Graham Harrell's shaping of the WSU wideouts

LEWISTON -- He isn't playing anymore, but Graham Harrell brings the same high energy and passion to coaching that he did on the field as a star quarterback for Texas Tech under Mike Leach. Through eight days of fall camp, there are two givens to the proceedings: temperatures at or near 100 degrees and Harrell's animated coaching.

“Whenever the receivers are out there I try to keep my energy high,” the outside receivers coach tells “Our outside guys run a lot, taking a lot of hits and they need to work through the hits, and that’s what I try to tell them.”

Harrell's cheering, clapping and hollering keep his guys focused and upbeat.

His unit includes standout veterans Dom Williams and Gabe Marks, but is mostly made up of untested talent.

“All the receivers have done a good job,” Harrell said. “Kyrin Priester, Daniel Lilienthal, Tavares Martin Jr. and C.J. Dimry have been doing some great things.

Zaire Andre is killing it too. He’s working hard and getting better,” Harrell said. “Kaleb Fossum is also a guy that’s out there and doing everything we ask, and makes plays when the ball comes to [him].”

Harrell brings unique perspective to his work with receivers. At Texas Tech, he was on the throwing end of an NCAA-record 134 career TD passes and a near-record 15,793 air yards. He parlayed that into four pro seasons -- three in the NFL and one in the CFL.

“I try to give the receivers a quarterback’s perspective,” he said. “I can watch tape with them and they’ll say ‘See I’m open right here,’ and I go ‘yes, but the quarterback needs you over here.’

“Having played in the (Air Raid) system, I can help them understand what’s going through the quarterback’s mind and what he needs out of his receivers,” Harrell said.

Harrell is in his first season as a full-fledged assistant coach, having served an an offensive analyst in 2014, but he appears to be fitting in nicely in his new role as coach. He and inside receivers coach Dave Yost have a good relationship -- and they don't hesitate to mess with each other from time to time.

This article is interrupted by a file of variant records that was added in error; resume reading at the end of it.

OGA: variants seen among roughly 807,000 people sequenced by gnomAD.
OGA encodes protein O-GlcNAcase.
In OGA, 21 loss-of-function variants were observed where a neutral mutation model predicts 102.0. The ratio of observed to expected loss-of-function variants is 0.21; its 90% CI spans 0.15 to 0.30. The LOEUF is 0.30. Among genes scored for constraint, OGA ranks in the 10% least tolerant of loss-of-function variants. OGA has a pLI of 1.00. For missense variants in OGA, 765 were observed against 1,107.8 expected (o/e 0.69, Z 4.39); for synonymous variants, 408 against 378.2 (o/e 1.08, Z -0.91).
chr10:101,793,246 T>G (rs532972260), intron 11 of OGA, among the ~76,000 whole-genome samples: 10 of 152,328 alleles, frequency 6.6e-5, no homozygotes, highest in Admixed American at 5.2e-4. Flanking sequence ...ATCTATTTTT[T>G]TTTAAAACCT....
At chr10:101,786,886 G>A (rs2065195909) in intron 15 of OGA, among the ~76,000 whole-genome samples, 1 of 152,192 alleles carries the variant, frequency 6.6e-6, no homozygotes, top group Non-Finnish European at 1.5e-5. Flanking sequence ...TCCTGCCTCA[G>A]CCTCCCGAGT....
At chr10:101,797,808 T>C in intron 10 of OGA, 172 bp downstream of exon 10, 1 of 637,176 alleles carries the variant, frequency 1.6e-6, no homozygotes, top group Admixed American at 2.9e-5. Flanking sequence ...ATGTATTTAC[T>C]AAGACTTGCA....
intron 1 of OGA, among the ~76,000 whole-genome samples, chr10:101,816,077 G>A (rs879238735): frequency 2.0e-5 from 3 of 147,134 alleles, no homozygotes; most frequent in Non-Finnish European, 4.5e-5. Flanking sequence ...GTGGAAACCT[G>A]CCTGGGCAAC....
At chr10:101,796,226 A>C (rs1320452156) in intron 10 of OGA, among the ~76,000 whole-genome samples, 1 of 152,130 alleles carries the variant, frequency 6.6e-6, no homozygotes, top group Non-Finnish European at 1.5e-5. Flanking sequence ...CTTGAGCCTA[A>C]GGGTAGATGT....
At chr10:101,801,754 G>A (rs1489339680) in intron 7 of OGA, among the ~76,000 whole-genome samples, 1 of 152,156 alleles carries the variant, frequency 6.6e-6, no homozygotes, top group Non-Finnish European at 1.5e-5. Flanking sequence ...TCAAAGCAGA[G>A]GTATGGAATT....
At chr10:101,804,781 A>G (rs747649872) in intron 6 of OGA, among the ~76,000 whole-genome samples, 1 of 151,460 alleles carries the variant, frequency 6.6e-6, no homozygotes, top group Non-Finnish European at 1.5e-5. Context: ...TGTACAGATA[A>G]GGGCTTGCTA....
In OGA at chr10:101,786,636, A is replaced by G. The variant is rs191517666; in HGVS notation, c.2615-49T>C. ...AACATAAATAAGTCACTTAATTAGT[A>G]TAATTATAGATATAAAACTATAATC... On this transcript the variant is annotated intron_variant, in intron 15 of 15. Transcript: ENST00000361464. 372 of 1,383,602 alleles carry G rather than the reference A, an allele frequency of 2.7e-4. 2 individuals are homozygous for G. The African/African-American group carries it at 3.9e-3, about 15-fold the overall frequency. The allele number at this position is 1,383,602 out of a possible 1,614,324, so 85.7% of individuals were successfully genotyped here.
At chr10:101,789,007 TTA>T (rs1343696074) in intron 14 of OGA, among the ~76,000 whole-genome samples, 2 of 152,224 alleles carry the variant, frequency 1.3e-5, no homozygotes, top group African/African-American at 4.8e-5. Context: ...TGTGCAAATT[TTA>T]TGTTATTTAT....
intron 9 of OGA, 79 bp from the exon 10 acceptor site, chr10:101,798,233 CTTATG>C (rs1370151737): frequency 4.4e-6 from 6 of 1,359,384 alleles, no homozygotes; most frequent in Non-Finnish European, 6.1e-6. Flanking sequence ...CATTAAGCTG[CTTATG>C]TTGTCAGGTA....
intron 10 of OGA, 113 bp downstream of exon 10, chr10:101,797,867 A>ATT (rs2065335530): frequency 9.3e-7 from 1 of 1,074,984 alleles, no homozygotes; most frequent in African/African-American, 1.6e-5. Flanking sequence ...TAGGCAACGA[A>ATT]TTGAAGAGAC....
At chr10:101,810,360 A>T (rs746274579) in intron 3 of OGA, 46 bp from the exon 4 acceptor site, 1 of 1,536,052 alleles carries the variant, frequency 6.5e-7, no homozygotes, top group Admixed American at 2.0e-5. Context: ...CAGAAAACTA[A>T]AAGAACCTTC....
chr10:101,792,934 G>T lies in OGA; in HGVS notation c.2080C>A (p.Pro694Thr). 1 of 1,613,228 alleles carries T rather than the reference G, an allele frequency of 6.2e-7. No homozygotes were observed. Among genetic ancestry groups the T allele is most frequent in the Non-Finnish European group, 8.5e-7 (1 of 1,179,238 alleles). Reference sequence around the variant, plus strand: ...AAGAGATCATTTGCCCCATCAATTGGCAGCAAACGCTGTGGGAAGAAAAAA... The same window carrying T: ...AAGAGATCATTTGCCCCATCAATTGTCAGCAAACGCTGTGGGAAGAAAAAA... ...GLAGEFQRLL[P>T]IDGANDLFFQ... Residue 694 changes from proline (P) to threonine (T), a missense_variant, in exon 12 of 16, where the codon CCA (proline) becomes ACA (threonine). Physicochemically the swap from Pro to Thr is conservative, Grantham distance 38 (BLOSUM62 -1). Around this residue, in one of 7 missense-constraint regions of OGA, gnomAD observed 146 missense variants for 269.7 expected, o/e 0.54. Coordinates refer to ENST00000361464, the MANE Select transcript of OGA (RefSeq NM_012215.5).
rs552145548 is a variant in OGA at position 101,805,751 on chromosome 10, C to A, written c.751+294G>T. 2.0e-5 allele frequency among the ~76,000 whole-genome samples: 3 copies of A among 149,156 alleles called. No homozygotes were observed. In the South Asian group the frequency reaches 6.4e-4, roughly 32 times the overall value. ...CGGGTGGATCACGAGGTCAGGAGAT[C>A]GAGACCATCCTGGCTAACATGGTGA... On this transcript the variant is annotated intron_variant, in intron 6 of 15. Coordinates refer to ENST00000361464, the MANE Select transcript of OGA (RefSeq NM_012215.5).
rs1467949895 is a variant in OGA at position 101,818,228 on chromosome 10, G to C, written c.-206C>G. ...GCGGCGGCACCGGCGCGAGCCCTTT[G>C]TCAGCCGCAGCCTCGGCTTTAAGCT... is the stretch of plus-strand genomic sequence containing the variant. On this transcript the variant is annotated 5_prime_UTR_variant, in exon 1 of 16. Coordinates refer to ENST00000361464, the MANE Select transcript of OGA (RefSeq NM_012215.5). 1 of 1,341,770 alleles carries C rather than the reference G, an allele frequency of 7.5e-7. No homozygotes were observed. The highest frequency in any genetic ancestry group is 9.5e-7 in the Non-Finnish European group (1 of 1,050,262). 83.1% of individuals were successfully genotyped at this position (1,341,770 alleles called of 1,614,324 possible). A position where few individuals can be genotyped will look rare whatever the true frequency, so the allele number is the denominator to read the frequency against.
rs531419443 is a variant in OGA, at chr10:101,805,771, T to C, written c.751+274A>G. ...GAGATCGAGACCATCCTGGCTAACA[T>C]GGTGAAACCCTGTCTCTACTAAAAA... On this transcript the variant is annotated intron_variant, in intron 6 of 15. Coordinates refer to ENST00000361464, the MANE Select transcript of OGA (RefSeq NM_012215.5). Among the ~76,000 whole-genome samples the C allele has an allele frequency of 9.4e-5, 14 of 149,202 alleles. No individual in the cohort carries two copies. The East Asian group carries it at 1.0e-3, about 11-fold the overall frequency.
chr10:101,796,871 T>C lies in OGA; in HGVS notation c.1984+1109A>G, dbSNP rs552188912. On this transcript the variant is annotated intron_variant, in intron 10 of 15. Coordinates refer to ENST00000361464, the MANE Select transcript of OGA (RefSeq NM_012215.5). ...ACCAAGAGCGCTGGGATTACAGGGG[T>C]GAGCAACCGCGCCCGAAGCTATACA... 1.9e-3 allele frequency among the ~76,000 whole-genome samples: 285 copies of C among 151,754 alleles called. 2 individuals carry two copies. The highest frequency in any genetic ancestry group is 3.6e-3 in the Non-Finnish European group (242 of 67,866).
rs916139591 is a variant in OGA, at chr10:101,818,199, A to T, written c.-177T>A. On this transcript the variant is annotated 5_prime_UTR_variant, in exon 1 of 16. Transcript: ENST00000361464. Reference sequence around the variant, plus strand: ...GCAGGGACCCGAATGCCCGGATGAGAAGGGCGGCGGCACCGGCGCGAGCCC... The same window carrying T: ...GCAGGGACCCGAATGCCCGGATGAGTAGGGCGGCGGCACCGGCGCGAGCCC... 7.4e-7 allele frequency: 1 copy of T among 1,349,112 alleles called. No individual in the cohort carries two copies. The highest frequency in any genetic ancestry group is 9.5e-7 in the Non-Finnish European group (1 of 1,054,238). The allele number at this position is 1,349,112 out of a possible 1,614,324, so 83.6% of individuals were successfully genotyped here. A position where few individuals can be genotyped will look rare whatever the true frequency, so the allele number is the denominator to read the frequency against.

“Yost is an interesting guy, he’s fun. He thinks he’s a beach guy out there with his long hair,” Harrell said. “It’s great working with him, and sometimes he’ll talk to the outside guys and I’ll talk to the inside receivers, but we’re all pulling for the same goal and that is to win games.”

One of the more difficult tasks for receivers is when the play breaks down and the quarterback is scrambling. According to Harrell, watching tape and showing guys where to look is the biggest tool to help them really understand where they can and need to go to help the QB.

“When a quarterback is in trouble, the receivers need to find space,” he said. “The receivers [must] be able to look around and identify openings when their quarterback is scrambling around.”

One guy who will be a major addition to the line up this season will be Marks, WSU's leading receiver in 2014 who redshirted last year ostensibly to mature.

“Marks is going to be a huge lift for this offense coming back,” Harrell said. “He competes every play, and to have a guy like that come back and be healthy, he’s going to be a huge lift for this offense.”

Marks led the Cougars in receiving as a sophomore in 2013, catching 74 balls for 807 yards (10.9 per grab) and 7 TDs.

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